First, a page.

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Food Security in India

Dheera Sujan reporting from India

The scandal about the thousands of tonnes of rotting grain stored in sub-standard warehouses around India only emphasizes the “through the looking glass” feel one gets on coming here from Europe.  Just a couple of days ago, India was indulging in a fair amount of pomp and glory to celebrate 63 years of Independence, but there’s been little soul searching about where that Independence has brought us.

Every day the news is full of stories and pictures of debt ridden farmers, their malnourished children and blank eyed wives who spend their days roaming the countryside in search of grass that has replaced rice as a staple in some of the poorest villages of the hinterland.

This is not a new situation in India despite the much publicized Green Revolution of the 70’s.  In 2001-2003 the Indian government sent out a storm of press releases praising record surpluses.  But the grain was exported to Europe for cheaper prices than it was sold to the Indian poor.  While Indian rural populations starved, the surplus grain was used for European cattle “the most food secure creatures on earth” as they are called by respected Indian journalist P.Sainath.

The government distributes BPL (Below the Poverty Line) cards. They allow the bearer to get food staples at hugely subsidized rates.  They are supposed to be issued out to families whose incomes have been carefully assessed.  Instead they are being mortgaged by bankrupt farmers to moneylenders who in turn use them to buy up stocks of cheap subsidized grain and then re-sold at hugely inflated market prices.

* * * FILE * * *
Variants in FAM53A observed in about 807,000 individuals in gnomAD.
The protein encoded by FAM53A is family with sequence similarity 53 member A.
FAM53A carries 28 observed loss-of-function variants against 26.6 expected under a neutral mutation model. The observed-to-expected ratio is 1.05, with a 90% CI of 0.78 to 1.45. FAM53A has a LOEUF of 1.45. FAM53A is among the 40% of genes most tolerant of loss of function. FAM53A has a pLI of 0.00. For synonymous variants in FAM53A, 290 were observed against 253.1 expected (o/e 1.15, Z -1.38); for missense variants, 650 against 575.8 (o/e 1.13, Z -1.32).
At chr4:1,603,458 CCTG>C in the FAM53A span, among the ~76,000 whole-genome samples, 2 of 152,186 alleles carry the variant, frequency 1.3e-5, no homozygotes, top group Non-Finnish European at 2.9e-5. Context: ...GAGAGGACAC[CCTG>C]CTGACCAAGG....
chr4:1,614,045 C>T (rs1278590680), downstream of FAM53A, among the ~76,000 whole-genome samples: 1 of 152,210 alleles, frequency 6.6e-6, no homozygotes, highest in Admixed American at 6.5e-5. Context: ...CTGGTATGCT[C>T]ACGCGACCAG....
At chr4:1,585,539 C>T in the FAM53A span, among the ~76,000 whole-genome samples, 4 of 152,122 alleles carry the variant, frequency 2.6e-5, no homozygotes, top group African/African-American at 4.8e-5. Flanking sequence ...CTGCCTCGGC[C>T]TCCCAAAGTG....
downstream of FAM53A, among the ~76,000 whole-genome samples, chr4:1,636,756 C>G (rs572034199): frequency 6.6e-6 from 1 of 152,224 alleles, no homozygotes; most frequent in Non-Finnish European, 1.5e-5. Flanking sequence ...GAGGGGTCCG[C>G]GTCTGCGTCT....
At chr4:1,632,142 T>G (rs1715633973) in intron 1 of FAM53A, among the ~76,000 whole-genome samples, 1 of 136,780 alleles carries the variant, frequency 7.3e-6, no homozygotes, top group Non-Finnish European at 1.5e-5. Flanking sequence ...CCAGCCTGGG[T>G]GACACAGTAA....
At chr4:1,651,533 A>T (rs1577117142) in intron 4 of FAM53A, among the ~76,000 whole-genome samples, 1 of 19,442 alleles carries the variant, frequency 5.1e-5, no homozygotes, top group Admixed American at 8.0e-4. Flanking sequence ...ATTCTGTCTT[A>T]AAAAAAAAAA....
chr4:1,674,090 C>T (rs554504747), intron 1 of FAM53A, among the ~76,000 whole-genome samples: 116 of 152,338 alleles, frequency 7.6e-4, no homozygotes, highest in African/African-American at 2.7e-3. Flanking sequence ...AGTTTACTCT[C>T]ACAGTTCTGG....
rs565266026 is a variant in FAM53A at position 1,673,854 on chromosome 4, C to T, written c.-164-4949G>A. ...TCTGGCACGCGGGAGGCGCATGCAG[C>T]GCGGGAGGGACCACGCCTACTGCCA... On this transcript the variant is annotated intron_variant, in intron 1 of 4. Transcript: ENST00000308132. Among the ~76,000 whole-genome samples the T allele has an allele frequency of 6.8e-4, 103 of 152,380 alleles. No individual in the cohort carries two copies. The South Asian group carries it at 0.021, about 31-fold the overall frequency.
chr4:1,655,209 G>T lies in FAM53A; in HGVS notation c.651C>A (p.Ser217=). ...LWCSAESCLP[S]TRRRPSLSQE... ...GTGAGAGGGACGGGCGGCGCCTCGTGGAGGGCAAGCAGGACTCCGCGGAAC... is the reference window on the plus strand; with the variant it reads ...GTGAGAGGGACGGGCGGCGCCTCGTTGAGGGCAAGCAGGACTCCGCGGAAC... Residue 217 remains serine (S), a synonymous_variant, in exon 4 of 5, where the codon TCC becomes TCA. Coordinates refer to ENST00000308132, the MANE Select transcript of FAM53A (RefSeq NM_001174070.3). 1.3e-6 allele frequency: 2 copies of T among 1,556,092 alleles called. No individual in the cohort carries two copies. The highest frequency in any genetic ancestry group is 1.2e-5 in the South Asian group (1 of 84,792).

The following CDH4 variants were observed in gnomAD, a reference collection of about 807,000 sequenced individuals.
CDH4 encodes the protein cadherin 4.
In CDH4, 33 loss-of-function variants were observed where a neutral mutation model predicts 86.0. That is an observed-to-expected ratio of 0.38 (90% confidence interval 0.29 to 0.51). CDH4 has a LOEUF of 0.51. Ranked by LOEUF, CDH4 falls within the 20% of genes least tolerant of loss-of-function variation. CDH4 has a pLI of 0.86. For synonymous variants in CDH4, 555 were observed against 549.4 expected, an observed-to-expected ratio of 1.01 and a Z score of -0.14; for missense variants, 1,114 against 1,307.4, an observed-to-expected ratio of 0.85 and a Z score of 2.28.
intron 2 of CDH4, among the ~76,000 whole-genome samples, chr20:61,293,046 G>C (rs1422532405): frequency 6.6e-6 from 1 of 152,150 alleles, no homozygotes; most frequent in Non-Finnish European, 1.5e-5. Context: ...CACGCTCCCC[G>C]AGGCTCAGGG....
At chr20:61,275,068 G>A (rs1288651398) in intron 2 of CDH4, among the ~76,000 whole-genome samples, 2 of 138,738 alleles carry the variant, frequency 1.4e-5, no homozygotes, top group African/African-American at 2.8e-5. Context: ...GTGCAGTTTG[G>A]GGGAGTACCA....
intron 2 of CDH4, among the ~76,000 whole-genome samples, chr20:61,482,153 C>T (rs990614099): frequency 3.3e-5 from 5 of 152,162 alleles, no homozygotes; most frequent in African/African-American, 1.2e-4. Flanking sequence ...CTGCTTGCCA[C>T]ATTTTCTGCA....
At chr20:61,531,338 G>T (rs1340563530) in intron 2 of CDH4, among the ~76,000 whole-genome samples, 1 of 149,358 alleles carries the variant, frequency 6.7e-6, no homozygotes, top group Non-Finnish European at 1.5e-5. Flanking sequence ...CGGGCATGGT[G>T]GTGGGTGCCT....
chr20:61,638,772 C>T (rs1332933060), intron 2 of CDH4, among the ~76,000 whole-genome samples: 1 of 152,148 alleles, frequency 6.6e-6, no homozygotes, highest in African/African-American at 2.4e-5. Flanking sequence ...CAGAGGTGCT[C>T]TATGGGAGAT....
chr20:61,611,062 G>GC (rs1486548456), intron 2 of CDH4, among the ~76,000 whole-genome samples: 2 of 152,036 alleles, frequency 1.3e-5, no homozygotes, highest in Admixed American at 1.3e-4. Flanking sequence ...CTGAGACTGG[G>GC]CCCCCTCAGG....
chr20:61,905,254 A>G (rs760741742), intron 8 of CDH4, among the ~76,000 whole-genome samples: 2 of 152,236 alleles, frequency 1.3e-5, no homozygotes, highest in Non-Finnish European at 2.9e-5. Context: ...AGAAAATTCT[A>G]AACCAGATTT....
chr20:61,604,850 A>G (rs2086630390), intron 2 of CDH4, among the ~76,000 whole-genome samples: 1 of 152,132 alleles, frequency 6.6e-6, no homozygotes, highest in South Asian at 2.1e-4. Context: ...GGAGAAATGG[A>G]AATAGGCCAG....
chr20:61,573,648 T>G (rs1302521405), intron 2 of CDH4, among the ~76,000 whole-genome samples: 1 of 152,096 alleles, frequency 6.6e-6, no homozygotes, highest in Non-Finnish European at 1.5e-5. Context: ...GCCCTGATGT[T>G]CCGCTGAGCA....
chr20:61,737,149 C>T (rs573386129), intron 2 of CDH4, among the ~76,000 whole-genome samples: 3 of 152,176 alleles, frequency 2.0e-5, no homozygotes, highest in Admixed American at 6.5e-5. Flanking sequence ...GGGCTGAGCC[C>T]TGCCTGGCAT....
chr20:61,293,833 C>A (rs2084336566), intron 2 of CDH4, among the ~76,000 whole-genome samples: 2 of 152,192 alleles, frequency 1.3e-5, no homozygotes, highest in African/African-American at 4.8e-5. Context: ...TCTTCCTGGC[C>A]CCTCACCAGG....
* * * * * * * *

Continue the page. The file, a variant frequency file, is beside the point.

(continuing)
A recent news report showed middle class apartments in New Delhi where the owners possessed BPL cards.  A middle class friend of mine who lives in rural Bengal, one of the poorest regions in the country, was offered one as a gift.  She refused it but knows personally of many landless peasants in the same region who don’t have one.  In village after village in the hinterland in Orissa, Maharashtra, UP, Bihar, people will trudge to the official stations to apply for these cards only to be told to return when they can offer “some tea money” to the people who are supposed to be issuing them out.

A report from the Food Corporation of India states that in Punjab alone, 49,000 tonnes of grain have become non-issuable (ie the grain is too rotten to consume), and the Minister for Agriculture, Sharad Pawar, seems confused about whether he should bat away the media reports as exaggeration, or make a public call for more and improved warehousing space – he’s been doing both.  He says that India must add a warehousing capacity for 15 million tonnes immediately and is asking for private investors to come into partnership with the government to do it.

So far, no bite, possibly because private companies know that anything that is going to have government involvement means inefficiency, corruption, and the diversion of profits.

Meanwhile Indian viewers are becoming used to witnessing the effects of starvation on their tv screens.  The sight of chronic malnutrition may have disappeared from the booming cities, the government’s “Emerging India’”, but on the other side of the looking glass, for millions of Indians in the rural areas, hunger is a beast that must be fought on a daily basis.

1 Comment on “Food Security in India”

  1. #1 David Berridge
    on Aug 19th, 2010 at 4:45 am

    India now must focus on two immediate courses of action. The first is to declare as Russia has, an export ban on grain. Selling to Europe which already the means and capacity to produce more grain than it needs, is at best ridiculous. Secondly, is a severe crackdown on blackmarketing BPL cards. That some people still have enough moral fibre in them to refuse gifts of these cards speaks well for some future for humanity, but the practice has a double-edged sword of manslaughter through contrived starvation and market manipulation of a necessary food staple. If the government can do something despite itself to move relatively quickly in these directions, something at least might be accomplished. Large numbers of starving people located in and defined by geographic regions is incredibly dangerous. Even in China this is a growing concern as a rapidly developing economic power. India would be more than wise to learn from this precedent.

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